Dates: ISO8601 or pain
When sending date-time data between systems, your options fall into two general categories:
- ISO8601 with an explicit timezone, or
- A world of pain.
Do you want a world of pain? I didn’t think so.
The order is due at 2:30PM UTC on the 5th of April, 2017.
If you can keep the time zone in which something happened, then keep it, it’s valuable information.
ISO8601 is a standard format where all parts of the date or datetime are laid out in a structured way, largest to smallest. It is human readable and can be unambiguously parsed by code.
Largest to smallest is also a logical ordering: When measuring duration, would you say “seven hours, three days and fifteen minutes”? Of course not, the order largest to smallest makes the most logical sense, so you’d say “three days, seven hours and fifteen minutes”.
When measuring distance, would you say “Two feet, three yards and an inch”? Of course not, and not just because you should use the metric system.
Largest to smallest ordering has the pleasing side-effect that an alphabetic sort of these values is also a chronological sort.
Using in .Net code
For .Net code, an ISO8601 Datetime maps most closely to the
DateTimeOffset structure. You should stop using
DateTime and use
DateTimeOffset almost everywhere - The docs say “DateTimeOffset should be considered the default date and time type for application development”.
What does this code output?
Console.WriteLine(new DateTime(1970, 1, 1).ToUniversalTime());
I am in the UK, and I get:
Someone in Australia gets:
And someone running .Net Core on Linux in the UK gets
31/12/1969 23:00:00 because that system knows about the permanent summer time of 1968-1971. This code is ambiguous, and your results may vary.
While these details are interesting, I am not suggesting that you cultivate a John-Skeet-like knowledge of the esoteric details of time zones in order to work out how your code will behave in production.
I am suggesting that you instead write simple and unambiguous code by using an explicit time zone in a
Console.WriteLine(new DateTimeOffset(1970, 1, 1, 0, 0, 0, TimeSpan.Zero));.
There is a lot more to ISO8601, e.g there’s also a syntax for expressing durations. I am not going to define it all here, just convince you that it is the right way.
And why they suck.
UK or US date format
These are the twins:
MM/DD/YYYY. You might be used to reading one of them, but they are terrible for data interchange as they look the same but mean different things. Use one of these formats only if you want these problems caused by confusing them:
- Differences in date parsing functionality between different machines with different system settings. What works on one machine may or may not work on another machine, and may or may not give the same result.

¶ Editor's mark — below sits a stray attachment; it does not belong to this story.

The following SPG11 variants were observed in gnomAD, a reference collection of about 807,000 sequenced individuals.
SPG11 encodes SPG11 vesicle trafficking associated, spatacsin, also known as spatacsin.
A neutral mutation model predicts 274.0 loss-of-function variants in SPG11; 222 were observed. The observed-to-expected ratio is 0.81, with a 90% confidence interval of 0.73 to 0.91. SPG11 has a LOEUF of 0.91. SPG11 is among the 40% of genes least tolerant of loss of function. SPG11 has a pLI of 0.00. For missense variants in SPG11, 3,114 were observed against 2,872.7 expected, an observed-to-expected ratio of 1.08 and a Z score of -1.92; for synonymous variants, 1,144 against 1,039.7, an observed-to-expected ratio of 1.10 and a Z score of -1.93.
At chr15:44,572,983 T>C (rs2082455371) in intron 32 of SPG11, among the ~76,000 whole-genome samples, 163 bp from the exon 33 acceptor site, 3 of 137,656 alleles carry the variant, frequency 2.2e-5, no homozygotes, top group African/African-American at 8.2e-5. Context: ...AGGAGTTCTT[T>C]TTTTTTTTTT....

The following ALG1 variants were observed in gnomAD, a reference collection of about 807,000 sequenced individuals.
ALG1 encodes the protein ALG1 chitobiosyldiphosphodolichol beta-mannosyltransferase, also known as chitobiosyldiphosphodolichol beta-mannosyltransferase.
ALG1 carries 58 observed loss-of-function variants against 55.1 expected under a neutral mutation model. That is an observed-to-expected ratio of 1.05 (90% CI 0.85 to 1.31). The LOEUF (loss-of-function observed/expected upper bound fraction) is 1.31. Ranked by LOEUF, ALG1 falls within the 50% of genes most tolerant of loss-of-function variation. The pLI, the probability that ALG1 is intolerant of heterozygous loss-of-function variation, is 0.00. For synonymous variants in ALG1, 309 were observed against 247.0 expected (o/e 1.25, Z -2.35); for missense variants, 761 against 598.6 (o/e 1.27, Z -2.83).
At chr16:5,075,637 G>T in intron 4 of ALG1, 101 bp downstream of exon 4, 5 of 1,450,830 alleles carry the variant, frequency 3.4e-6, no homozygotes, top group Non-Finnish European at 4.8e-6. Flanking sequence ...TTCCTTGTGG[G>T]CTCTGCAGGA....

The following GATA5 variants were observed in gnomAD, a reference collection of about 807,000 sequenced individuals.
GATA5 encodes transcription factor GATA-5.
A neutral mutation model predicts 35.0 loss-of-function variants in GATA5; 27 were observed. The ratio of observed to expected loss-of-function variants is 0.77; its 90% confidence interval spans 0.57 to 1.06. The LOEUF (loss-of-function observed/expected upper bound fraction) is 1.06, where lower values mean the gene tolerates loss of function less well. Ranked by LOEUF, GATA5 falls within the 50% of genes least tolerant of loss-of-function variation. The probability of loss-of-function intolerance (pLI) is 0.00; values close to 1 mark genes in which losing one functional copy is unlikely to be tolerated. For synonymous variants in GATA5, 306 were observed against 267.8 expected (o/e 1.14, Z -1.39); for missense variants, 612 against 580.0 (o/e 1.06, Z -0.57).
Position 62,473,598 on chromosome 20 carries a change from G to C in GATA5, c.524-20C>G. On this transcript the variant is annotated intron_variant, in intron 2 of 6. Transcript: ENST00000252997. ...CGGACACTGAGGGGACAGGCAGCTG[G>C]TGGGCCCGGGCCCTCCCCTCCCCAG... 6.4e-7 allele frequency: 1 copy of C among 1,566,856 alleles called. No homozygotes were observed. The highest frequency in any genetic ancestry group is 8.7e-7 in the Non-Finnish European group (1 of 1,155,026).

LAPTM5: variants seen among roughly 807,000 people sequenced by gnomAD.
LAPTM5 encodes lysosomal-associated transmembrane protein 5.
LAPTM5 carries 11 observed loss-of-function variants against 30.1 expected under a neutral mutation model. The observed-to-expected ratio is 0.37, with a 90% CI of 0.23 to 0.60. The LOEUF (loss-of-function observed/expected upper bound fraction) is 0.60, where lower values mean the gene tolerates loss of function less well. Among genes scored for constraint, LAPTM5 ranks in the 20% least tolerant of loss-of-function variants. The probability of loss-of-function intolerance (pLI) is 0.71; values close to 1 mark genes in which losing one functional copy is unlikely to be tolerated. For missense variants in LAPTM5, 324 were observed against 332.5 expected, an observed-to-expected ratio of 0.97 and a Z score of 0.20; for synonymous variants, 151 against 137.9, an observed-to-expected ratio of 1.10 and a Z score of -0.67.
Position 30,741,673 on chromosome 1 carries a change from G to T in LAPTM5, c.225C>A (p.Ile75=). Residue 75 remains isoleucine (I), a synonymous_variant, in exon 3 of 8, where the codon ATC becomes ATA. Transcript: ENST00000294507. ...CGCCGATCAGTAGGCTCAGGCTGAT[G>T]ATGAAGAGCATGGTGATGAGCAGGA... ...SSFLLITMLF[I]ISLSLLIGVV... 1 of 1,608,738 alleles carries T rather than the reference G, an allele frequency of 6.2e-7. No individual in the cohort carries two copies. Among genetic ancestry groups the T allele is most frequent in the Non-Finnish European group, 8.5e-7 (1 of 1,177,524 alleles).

- Code that works for the first 12 days of the month only, and then fails.
- Stored values that might mean one of two completely different dates, depending on how they were parsed.
- How does time zone info fit into these formats anyway?
In short, unless you want a world of pain, avoid these date formats for data interchange and storage.
This format may be fine for system administration uses, or e.g. timestamping log entries. But it is not suitable for recording most business date and time values because:
Epoch values are not human readable. Don’t underestimate this. Many bugs are caught because anyone can see that the value is wrong. This won’t happen with epoch dates.
Epoch values do not store time zone info at all. 10AM in London coincides with 11AM in Paris, but there are cases when the difference is significant.
Epoch values are always UTC. But did you know that before today? There is high probability that someone can get this implicit rule wrong when generating a value, or when reading it. Explicit, human-readable time zone is better.
Epoch values are always the same precision. What if you want to express “it happened on the 12th of Feb, 2017, all day” - in ISO8601 this is
2017-02-12, but in epoch date you have to specify the time of day as well. Probably you’ll use an implicit convention that midnight at the start of day stands in for the whole day, right? Midnight in UTC or in your local time zone? Now you have implicit rules that someone will get wrong, and you can’t store both “just the date” and “actual precise midnight value”. A timezone issue one hour backwards is likely to push the value not just to the wrong hour but to the wrong day. The worst case is that you find this out when the clocks change, up to six months later.
The common theme is that there are implicit decisions and ways to miscommunicate that the single integer value of the epoch date does not capture.
Save yourself a whole lot of trouble - insist that data is sent in ISO8601 format with an explicit time zone.